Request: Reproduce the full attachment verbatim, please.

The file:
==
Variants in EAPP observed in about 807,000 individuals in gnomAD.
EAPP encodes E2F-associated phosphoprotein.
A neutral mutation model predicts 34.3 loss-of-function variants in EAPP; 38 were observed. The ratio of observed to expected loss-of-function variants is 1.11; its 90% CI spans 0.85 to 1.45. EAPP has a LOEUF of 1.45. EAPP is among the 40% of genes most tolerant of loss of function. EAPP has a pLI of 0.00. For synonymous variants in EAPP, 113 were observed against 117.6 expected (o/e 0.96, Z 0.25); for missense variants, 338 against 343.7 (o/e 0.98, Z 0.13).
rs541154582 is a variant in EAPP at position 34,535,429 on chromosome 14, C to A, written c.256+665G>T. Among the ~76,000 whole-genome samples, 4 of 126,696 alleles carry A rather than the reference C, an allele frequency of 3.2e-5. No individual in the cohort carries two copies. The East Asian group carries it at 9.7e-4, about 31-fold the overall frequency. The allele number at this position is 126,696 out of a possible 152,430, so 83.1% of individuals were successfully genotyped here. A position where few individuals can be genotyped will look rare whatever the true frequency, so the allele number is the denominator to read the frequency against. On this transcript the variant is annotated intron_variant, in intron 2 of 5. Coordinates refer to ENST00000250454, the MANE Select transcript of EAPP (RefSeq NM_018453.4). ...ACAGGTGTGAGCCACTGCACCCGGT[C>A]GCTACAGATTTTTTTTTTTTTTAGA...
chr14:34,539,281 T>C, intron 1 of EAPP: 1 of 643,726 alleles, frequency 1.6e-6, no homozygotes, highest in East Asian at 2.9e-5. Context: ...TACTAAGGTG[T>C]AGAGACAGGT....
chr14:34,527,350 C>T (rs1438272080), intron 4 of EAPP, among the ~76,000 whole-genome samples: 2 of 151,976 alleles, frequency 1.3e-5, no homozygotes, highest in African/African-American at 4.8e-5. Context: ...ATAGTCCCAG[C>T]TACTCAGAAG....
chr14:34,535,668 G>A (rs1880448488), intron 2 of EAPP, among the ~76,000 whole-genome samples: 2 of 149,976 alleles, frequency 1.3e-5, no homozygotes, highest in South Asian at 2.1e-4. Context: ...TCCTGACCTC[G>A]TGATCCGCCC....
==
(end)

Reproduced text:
Variants in EAPP observed in about 807,000 individuals in gnomAD.
EAPP encodes E2F-associated phosphoprotein.
A neutral mutation model predicts 34.3 loss-of-function variants in EAPP; 38 were observed. The ratio of observed to expected loss-of-function variants is 1.11; its 90% CI spans 0.85 to 1.45. EAPP has a LOEUF of 1.45. EAPP is among the 40% of genes most tolerant of loss of function. EAPP has a pLI of 0.00. For synonymous variants in EAPP, 113 were observed against 117.6 expected (o/e 0.96, Z 0.25); for missense variants, 338 against 343.7 (o/e 0.98, Z 0.13).
rs541154582 is a variant in EAPP at position 34,535,429 on chromosome 14, C to A, written c.256+665G>T. Among the ~76,000 whole-genome samples, 4 of 126,696 alleles carry A rather than the reference C, an allele frequency of 3.2e-5. No individual in the cohort carries two copies. The East Asian group carries it at 9.7e-4, about 31-fold the overall frequency. The allele number at this position is 126,696 out of a possible 152,430, so 83.1% of individuals were successfully genotyped here. A position where few individuals can be genotyped will look rare whatever the true frequency, so the allele number is the denominator to read the frequency against. On this transcript the variant is annotated intron_variant, in intron 2 of 5. Coordinates refer to ENST00000250454, the MANE Select transcript of EAPP (RefSeq NM_018453.4). ...ACAGGTGTGAGCCACTGCACCCGGT[C>A]GCTACAGATTTTTTTTTTTTTTAGA...
chr14:34,539,281 T>C, intron 1 of EAPP: 1 of 643,726 alleles, frequency 1.6e-6, no homozygotes, highest in East Asian at 2.9e-5. Context: ...TACTAAGGTG[T>C]AGAGACAGGT....
chr14:34,527,350 C>T (rs1438272080), intron 4 of EAPP, among the ~76,000 whole-genome samples: 2 of 151,976 alleles, frequency 1.3e-5, no homozygotes, highest in African/African-American at 4.8e-5. Context: ...ATAGTCCCAG[C>T]TACTCAGAAG....
chr14:34,535,668 G>A (rs1880448488), intron 2 of EAPP, among the ~76,000 whole-genome samples: 2 of 149,976 alleles, frequency 1.3e-5, no homozygotes, highest in South Asian at 2.1e-4. Context: ...TCCTGACCTC[G>A]TGATCCGCCC....